Tim Berne’s Snakeoil

The Fantastic Mrs. 10
Intakt CD 340

Tim Berne/Nasheet Waits

The Coandă

Relative Pitch RPR 1103

Far along enough in his career that he doesn’t have to prove anything, two recent CDs by alto saxophonist Tim Berne show that he hasn’t lost his mojo when it comes to composing or playing. A bulletin from his Snakeoil quintet, The Fantastic Mrs. 10 consists of six new Berne compositions and a brief one by his mentor Julius Hemphill. Shared with drummer Nasheet Waits, The Coandă is a live out-and-out blowing session of mutual exploration by two players who have cultivated the evolving codes of Jazz improvisation.

Taking off on the quintet disc’s title track with some freylekhs-like saxophone jumps, Berne is quickly followed by percussion smashes by Ches Smith, snarling low-pitches from Oscar Noriega’s clarinet, ascending guitar licks from Marc Ducret and soon spelunking among the piano’s crevices by Matt Mitchell. Berne’s squeaky flutters continue the narrative even as Smith ping pongs between drums and vibes and Mitchell intensifies the pressure with high-pitched key tinkles. Reaching a crescendo of five-part cacophony the piece segues forward to a logical conclusion.

With Smith also playing glockenspiel and Haitian tanbou and Mitchell tack piano and modular synthesizer the number of textures available from this unusually set up combo is multiplied. For instance while because of its title “Amazing Mr. 7” may sound like a companion piece to the first, it’s instead dedicated to a rhythm section groove propelled by junkeroo percussion, shaking guitar flanges and driving keyboard harmonies. Introduced by super-swift saxophone runs harmonized with piano picking and underlined by chalumeau clarinet slurs, it asserts its individuality. Still, when Noriega too reduces his output into sound shards the reed cross tones may dissect the narrative, but cunningly reference the introduction. Close to this strategy, the tack-piano’s jittery thwacks on “Rolo” , set up a near honky-tonk theme elaboration that contrast reed-biting squeals, and keyboard pounding and add some cow-bell whacks for inflated kinetics. After Ducret’s ringing pops torque the piece still further, first drum pops than horn riffs accompaniment to his string buzzes affirm its rhythmic impetus.

On Hemphill’s “Dear Friend”, a sympathetic threnody and on others of his compositions, Berne confirms that his skills aren’t just confined to extended texture-and theme-shattering. Each piece is open enough to allow for a range of distinctive coloration, whether involving expanded keyboard glissandi, unexpected woodwind patterning, moving percussion emphasis or even breaks that let Ducret showcase his evolved free music take on Blues-Rock, and it’s all here. Ironically enough though, “Rose Colored Assive” that concisely evolves restructured alto saxophone split tones alongside juggling and oscillating synthesizer riffs could serve as an introduction to the extended duet on The Coandă.

Named for the tendency of a fluid jet to stay attached to a convex surface, the one massive performance and one brief coda that make up the duo disc musically demonstrate this connection. The unexpected part of this meeting is that over the years Berne has been identified with advanced players such as John Zorn and Michael Formanek, while Waits usual milieu is with more mainstream stylists like Jason Moran and Fred Hersch. However sonic kinship is more present than separation here. Reminiscent of Hemphill’s duets with Warren Smith, another drummer who plays inside and outside, Waits almost immediately sets the pace on the 38-minute “Tensile” with thematic patterning emanating from bass drum thumps and cross handed cymbal whacks. In contrast Berne’s alto saxophone tone is both dissected and shaded, propelling altissimo runs at the same time as inferring melodies. With the drummer maintaining a constant percussion continuum, the saxophonist slides from high to low pitches, exposing acerbic bites and accented slides, increasing the tension with tongue flutters, triple-tongue stops and head-shaking line expansion. Waits rugged paradiddles, cymbal accents and multi-directional slaps return the pressure in kind, pushing the saxophonist to shaded slurps and irregular vibrations propelled almost without pause until dual kinetics explode at the half-way mark. Attaining a well-paced flow, the next sequence is defined by Berne’s expelling near-lyrical trills, as Waits’ rolls and pops relax the interface. Pivoting still further in near lockstep, the two reach an attractive climax where rim shots and subtle rebounds fasten themselves to a string of accented reed tones and a slow slide to an ending. While the 10-minute “5see” which follows appreciative audience applause allows Berne to highlight more strained and nasal hollers and Waits to expand his pops and ruffs so that the duet angles more towards unbridled Albert Ayler-like suggestions than Hemphill’s style, it seems no more than an afterthought.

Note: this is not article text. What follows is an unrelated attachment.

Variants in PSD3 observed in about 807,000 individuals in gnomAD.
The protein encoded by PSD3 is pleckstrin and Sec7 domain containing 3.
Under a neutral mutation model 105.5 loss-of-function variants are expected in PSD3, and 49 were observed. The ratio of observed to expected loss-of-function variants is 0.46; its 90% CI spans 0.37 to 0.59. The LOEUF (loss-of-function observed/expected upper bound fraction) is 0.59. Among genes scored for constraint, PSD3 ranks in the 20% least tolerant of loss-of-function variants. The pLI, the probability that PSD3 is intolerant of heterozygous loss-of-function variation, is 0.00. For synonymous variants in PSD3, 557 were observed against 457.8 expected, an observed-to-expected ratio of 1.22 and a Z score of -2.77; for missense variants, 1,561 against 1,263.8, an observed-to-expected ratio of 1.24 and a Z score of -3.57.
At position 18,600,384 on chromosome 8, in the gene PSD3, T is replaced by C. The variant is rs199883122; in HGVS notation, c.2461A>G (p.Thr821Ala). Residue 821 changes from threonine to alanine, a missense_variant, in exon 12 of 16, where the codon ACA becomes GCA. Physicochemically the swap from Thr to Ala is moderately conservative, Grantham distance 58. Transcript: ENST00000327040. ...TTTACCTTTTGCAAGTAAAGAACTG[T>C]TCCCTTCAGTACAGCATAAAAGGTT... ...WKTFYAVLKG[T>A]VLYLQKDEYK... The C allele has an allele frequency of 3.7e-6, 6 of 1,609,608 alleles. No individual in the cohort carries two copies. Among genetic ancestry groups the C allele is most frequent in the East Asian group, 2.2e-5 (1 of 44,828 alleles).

Developed along the same exploratory lines, but in final analysis vastly different, both CDs are prime example of Berne’s musical maturity.

—Ken Waxman

Track Listing: Fantastic: 1. The Fantastic Mrs. 10 2. Surface Noise 3. Rolo 4. Dear Friend 5. The Amazing Mr. 7 6. Third Option 7. Rose Colored Assive

Personnel: Fantastic: Tim Berne (alto saxophone); Oscar Noriega (bass and Bb clarinets); Matt Mitchell (piano, tack piano, modular synthesizer); Marc Ducret (guitar); Ches Smith (drums, vibes, glockenspiel, Haitian tanbou)

Track Listing: Coandă: 1. Tensile 2. 5see

Personnel: Coandă: Tim Berne (alto saxophone) and Nasheet Waits (drums)